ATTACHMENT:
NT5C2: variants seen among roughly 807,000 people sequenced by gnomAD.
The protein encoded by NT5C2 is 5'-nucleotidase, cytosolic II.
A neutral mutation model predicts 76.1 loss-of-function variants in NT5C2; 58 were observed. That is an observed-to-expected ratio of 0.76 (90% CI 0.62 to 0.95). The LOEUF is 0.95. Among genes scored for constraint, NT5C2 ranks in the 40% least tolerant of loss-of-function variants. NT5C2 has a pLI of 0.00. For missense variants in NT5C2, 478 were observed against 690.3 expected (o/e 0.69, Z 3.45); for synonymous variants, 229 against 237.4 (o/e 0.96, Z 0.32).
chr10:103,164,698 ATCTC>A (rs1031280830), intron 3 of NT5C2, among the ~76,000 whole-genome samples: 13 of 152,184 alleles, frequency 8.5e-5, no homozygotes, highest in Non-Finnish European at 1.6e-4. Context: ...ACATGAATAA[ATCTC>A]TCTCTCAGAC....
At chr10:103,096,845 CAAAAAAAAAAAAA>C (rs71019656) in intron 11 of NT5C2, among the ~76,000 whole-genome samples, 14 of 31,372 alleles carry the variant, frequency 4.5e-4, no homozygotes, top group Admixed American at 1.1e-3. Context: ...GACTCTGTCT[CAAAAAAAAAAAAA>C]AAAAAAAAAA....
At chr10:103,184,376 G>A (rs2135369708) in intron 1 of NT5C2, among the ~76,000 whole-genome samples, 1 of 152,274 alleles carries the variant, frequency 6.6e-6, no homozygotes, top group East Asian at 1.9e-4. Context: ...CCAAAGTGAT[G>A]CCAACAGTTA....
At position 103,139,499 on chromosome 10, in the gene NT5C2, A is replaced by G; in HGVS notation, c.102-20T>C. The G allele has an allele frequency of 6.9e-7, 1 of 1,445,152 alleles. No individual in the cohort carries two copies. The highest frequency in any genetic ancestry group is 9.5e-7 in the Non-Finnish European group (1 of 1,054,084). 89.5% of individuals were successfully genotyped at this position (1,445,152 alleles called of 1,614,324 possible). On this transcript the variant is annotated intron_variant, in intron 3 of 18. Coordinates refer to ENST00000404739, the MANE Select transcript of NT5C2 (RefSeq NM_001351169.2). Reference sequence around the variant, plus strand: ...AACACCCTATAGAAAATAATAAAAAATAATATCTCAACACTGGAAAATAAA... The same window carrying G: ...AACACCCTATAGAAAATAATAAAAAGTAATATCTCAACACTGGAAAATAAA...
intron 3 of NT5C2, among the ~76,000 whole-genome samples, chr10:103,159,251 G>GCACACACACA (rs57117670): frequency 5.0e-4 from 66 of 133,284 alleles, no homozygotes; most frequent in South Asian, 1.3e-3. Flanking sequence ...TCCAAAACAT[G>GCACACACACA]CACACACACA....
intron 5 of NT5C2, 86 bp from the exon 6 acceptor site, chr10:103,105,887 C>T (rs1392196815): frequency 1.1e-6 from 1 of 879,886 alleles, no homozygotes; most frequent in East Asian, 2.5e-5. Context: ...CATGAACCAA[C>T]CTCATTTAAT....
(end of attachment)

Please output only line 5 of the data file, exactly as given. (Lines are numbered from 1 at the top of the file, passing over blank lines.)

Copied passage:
At chr10:103,096,845 CAAAAAAAAAAAAA>C (rs71019656) in intron 11 of NT5C2, among the ~76,000 whole-genome samples, 14 of 31,372 alleles carry the variant, frequency 4.5e-4, no homozygotes, top group Admixed American at 1.1e-3. Context: ...GACTCTGTCT[CAAAAAAAAAAAAA>C]AAAAAAAAAA....